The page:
if _desc is "Food" then
    addtag named "food" to theTransaction
end if

…will allow you to add tags, but only if you tell the script what titles to look for.

On iOS

On iOS you need Drafts and Launch Center Pro to make this all work well.


In Drafts, create a Dropbox action called “Koku”. This will be a template that will upload a .plist file with [[title]] placing the first line of the draft into the .plist as the transaction title and [[body]] inserting the amount. With just this template, you can create a number of Launch Center Pro actions that will insert the necessary text where it needs to be. Here is the .plist template:

Open this link on your iOS device to import .plist template into Drafts

2013 02 27 12 43 21

Launch Center Pro

Launch Center Pro will be responsible for supplying Drafts with the data that Drafts needs to create the .plist files. You’re essentially supply Drafts with:


What you’ll need to do is send:


The name being the transaction title, “%0A” is a url encoded line break and cost is the amount of the withdrawal.

Here’s an example for a “Food” transaction action URL:


You can change any titles or insert a specific cost in to make it even more automatic, like this one for my train pass that costs ¥1000.


The last example I’ll show you is one to add variable titles and costs. Launch Center Pro will not let you use a keyboard prompt and a number prompt in the same action so you need two actions. One will give you a prompt, send the text to Drafts, Drafts will run its “Set draft to clipboard” action and then drop you back in Launch Center Pro. Then, run the second “Set Cost” action and that will send the clipboard as title and inputted cost as cost to your regular “Koku” action and then upload a plist as normal.

--Copy to Clipboard

--Set Cost

There you have it. A working system to automate Koku transaction creation from iOS. Is it worth it? There is a Koku iPhone app after all. But if you enter the same transactions over and over, you’ll get tired of using the Koku iPhone app all the time. With a little bit of set up, this system works pretty well.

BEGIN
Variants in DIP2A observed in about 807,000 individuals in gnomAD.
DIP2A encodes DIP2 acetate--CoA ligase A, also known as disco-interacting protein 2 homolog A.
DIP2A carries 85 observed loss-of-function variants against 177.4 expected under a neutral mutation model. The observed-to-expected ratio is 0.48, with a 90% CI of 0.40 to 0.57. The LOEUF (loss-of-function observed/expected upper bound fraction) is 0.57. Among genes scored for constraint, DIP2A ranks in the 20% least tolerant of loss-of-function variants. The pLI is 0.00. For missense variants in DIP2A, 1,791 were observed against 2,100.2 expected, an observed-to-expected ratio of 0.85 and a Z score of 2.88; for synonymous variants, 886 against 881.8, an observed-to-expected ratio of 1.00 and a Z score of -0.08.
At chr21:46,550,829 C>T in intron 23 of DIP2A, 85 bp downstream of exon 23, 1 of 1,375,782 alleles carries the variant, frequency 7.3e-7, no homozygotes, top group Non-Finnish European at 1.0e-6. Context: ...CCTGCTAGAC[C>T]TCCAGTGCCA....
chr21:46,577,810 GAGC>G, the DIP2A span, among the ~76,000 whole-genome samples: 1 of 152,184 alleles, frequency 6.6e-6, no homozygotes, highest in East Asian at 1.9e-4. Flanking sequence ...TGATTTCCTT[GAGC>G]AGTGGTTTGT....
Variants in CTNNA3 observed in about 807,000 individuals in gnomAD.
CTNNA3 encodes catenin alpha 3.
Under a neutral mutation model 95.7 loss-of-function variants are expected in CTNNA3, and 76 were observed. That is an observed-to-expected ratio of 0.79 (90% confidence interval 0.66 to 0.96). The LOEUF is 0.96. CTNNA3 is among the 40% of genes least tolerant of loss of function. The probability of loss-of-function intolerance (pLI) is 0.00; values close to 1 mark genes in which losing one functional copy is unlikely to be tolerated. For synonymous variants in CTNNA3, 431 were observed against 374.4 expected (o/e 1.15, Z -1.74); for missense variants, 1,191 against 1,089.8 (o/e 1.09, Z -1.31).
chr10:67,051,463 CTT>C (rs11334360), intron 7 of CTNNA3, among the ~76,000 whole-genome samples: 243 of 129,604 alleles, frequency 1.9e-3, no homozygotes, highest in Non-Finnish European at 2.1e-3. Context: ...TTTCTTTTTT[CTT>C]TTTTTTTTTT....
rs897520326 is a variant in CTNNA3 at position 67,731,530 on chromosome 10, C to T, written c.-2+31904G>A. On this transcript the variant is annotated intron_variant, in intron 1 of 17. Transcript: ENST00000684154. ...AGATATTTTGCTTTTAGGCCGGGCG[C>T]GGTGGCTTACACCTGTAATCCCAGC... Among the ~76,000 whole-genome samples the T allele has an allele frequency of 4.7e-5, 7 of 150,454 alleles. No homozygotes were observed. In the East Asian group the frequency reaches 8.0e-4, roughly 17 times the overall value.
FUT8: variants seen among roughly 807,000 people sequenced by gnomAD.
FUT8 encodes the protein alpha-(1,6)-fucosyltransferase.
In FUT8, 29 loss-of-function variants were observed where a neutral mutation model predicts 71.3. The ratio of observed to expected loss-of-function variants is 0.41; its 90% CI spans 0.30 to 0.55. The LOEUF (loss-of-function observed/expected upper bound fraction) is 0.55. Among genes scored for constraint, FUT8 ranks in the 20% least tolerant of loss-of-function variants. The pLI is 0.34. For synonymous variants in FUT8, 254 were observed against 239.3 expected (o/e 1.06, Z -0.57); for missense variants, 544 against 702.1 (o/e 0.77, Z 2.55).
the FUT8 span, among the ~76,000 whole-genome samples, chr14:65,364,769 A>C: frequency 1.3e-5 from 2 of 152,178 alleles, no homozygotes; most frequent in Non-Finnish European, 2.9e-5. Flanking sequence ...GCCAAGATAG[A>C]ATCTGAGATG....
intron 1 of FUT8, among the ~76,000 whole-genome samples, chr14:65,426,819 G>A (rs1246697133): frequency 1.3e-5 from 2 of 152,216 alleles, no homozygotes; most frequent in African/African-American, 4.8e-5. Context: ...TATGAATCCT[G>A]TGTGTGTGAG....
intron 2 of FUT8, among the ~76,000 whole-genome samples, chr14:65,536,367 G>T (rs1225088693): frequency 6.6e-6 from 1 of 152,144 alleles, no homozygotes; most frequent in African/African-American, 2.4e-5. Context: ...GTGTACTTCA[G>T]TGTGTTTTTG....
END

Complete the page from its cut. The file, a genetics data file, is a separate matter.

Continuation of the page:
Starting Magnet Links Remotely

Updated 2013-03-01: I realized that if Transmission wasn’t already open, the GUI scripting would get passed over, so I added a bit to see if Transmission is the frontmost app.

I’ve been using Keyboard Maestro for months now to take a text file with a “magnet:” link inside, read the text out of it, and then simulate the keystrokes necessary to open the link in Transmission. I saw something similar done with just AppleScript and System Events’ GUI scripting capabilities so I got motivated to do my own system purely in AppleScript.

Here’s the AppleScript:

open for access theFile with write permission
set fileContents to read theFile using delimiter {linefeed}
set theString to fileContents
set the clipboard to theString as text
close access theFile

tell application "Transmission"
    repeat until frontmost is true
    end repeat
end tell

tell application "System Events"
    tell process "Transmission"
        keystroke "u" using {command down}
        keystroke "v" using {command down}
        delay 1
        keystroke return
    end tell

end tell

tell application "Finder"
    delete theFile
end tell

I have Hazel watch my notes directory in Dropbox for a file named “” and when it sees that file, it reads the contents, sets the clipboard to those contents and then opens an “Open link…” menu item, pastes the text and hits “enter”. This fires the torrent up in Transmission and then deletes the original file. I recommend deleting the text file each time instead of setting the eof to 0 because I feel like Hazel more reliably catches the totally new file better than just a changed file.